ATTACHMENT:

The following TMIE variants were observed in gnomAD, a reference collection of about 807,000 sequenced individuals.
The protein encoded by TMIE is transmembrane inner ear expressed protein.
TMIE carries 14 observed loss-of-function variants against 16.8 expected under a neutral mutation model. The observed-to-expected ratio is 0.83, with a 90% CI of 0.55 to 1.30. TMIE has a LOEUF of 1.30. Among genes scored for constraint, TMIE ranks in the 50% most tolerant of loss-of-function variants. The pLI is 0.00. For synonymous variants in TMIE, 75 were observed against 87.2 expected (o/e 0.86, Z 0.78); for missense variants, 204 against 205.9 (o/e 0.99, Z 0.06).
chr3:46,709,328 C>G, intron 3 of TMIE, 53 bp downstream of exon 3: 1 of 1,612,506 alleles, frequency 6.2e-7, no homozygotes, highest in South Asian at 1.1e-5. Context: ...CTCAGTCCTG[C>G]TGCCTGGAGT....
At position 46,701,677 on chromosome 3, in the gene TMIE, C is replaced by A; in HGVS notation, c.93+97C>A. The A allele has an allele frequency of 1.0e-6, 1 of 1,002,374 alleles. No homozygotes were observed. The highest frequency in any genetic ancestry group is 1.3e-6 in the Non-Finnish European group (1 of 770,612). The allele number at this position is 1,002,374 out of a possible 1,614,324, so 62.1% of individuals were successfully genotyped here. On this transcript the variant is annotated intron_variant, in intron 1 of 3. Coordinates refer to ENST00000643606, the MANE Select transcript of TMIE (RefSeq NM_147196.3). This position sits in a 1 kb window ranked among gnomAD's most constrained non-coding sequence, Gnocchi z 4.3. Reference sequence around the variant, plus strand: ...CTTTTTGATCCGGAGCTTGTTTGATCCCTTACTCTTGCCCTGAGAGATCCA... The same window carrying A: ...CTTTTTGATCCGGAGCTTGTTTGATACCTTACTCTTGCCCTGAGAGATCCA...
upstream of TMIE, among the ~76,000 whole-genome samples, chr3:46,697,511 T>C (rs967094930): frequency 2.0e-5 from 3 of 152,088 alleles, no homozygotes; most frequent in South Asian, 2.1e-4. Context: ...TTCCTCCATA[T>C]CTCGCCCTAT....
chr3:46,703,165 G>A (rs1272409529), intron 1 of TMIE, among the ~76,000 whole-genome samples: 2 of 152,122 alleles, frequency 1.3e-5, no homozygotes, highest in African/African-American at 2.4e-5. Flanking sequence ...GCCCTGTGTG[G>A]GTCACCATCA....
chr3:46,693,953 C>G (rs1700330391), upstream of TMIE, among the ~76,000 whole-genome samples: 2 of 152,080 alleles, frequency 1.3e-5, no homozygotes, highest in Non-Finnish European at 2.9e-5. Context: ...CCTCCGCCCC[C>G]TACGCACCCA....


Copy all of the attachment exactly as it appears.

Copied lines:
The following TMIE variants were observed in gnomAD, a reference collection of about 807,000 sequenced individuals.
The protein encoded by TMIE is transmembrane inner ear expressed protein.
TMIE carries 14 observed loss-of-function variants against 16.8 expected under a neutral mutation model. The observed-to-expected ratio is 0.83, with a 90% CI of 0.55 to 1.30. TMIE has a LOEUF of 1.30. Among genes scored for constraint, TMIE ranks in the 50% most tolerant of loss-of-function variants. The pLI is 0.00. For synonymous variants in TMIE, 75 were observed against 87.2 expected (o/e 0.86, Z 0.78); for missense variants, 204 against 205.9 (o/e 0.99, Z 0.06).
chr3:46,709,328 C>G, intron 3 of TMIE, 53 bp downstream of exon 3: 1 of 1,612,506 alleles, frequency 6.2e-7, no homozygotes, highest in South Asian at 1.1e-5. Context: ...CTCAGTCCTG[C>G]TGCCTGGAGT....
At position 46,701,677 on chromosome 3, in the gene TMIE, C is replaced by A; in HGVS notation, c.93+97C>A. The A allele has an allele frequency of 1.0e-6, 1 of 1,002,374 alleles. No homozygotes were observed. The highest frequency in any genetic ancestry group is 1.3e-6 in the Non-Finnish European group (1 of 770,612). The allele number at this position is 1,002,374 out of a possible 1,614,324, so 62.1% of individuals were successfully genotyped here. On this transcript the variant is annotated intron_variant, in intron 1 of 3. Coordinates refer to ENST00000643606, the MANE Select transcript of TMIE (RefSeq NM_147196.3). This position sits in a 1 kb window ranked among gnomAD's most constrained non-coding sequence, Gnocchi z 4.3. Reference sequence around the variant, plus strand: ...CTTTTTGATCCGGAGCTTGTTTGATCCCTTACTCTTGCCCTGAGAGATCCA... The same window carrying A: ...CTTTTTGATCCGGAGCTTGTTTGATACCTTACTCTTGCCCTGAGAGATCCA...
upstream of TMIE, among the ~76,000 whole-genome samples, chr3:46,697,511 T>C (rs967094930): frequency 2.0e-5 from 3 of 152,088 alleles, no homozygotes; most frequent in South Asian, 2.1e-4. Context: ...TTCCTCCATA[T>C]CTCGCCCTAT....
chr3:46,703,165 G>A (rs1272409529), intron 1 of TMIE, among the ~76,000 whole-genome samples: 2 of 152,122 alleles, frequency 1.3e-5, no homozygotes, highest in African/African-American at 2.4e-5. Flanking sequence ...GCCCTGTGTG[G>A]GTCACCATCA....
chr3:46,693,953 C>G (rs1700330391), upstream of TMIE, among the ~76,000 whole-genome samples: 2 of 152,080 alleles, frequency 1.3e-5, no homozygotes, highest in Non-Finnish European at 2.9e-5. Context: ...CCTCCGCCCC[C>G]TACGCACCCA....